Monday, March 4, 2013

Don't forget the nat sound underneath

Natural sound was always a major component of my stories. Well, almost always. When I was in my first job no one ever told me about it for the first few months. Then we got a new News Director who was a wonderful teacher and he walked into the edit booth one day and showed me how to use it.

But he didn't just teach me about nat sound breaks, in which you bring the nat sound up full without any voice track, but about running a low level of nat sound along with all your b-roll. That's one component that's often missing in the packages I see.

Here's what I'm seeing: packages that have nat sound breaks and sound bites, but when the voice track starts the nat sound level goes to zero. It's something glaring to veterans and managers.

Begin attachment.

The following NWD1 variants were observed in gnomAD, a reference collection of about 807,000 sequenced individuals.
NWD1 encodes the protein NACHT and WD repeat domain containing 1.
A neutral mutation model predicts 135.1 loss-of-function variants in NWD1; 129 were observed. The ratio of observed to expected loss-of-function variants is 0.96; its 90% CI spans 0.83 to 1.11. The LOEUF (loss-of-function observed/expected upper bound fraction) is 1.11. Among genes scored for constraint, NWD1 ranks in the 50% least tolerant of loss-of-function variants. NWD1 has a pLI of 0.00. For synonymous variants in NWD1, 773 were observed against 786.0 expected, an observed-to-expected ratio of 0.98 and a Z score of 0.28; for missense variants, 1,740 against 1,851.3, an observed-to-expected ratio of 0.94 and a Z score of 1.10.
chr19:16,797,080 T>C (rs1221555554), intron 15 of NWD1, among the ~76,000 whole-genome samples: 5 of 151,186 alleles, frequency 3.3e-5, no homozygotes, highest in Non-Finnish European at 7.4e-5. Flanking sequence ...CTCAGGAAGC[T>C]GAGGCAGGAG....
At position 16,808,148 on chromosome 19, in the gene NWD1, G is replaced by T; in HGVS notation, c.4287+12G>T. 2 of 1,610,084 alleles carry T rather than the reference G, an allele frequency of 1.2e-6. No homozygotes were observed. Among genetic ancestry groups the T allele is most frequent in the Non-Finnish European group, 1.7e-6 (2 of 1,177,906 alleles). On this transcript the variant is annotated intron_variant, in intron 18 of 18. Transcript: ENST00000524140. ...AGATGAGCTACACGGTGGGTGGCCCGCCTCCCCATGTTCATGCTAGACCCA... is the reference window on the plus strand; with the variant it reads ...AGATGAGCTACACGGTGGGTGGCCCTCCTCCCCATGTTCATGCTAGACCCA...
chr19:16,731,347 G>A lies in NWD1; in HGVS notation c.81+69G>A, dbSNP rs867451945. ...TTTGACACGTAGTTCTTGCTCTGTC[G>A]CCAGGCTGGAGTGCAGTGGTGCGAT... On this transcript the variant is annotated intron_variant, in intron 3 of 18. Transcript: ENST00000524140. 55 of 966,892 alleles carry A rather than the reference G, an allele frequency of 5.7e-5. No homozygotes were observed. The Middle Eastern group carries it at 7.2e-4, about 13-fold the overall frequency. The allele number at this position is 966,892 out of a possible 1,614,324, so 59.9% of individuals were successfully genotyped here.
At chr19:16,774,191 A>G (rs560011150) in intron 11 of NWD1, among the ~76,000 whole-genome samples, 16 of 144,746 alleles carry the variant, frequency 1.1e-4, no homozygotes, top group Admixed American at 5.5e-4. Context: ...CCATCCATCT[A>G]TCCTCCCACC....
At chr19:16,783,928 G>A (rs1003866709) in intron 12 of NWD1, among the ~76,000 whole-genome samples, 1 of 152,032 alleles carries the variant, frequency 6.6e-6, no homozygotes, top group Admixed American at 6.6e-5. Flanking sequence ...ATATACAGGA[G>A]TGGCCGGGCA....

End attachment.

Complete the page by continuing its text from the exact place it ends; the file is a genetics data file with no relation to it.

So, a couple of things to remember:

-Just about all video has natural sound. Make sure you kick up the level so that the viewer can hear it without it overpowering your voice track or sound bite.

-Nat sound breaks don't always need to be abrupt, they can be faded. You can start natural sound before we see the matching video, like bringing it up under the sound bite. And you can fade it down, so that it flows smoothly.

Little stuff like that gets you noticed when you do it, but it also gets you noticed for the wrong reasons when you don't.

Remember, the world has sound. If you want to see how different things are when you forget it, put on a pair of headphones and go outside. You'll see what you, and the viewers, are missing.

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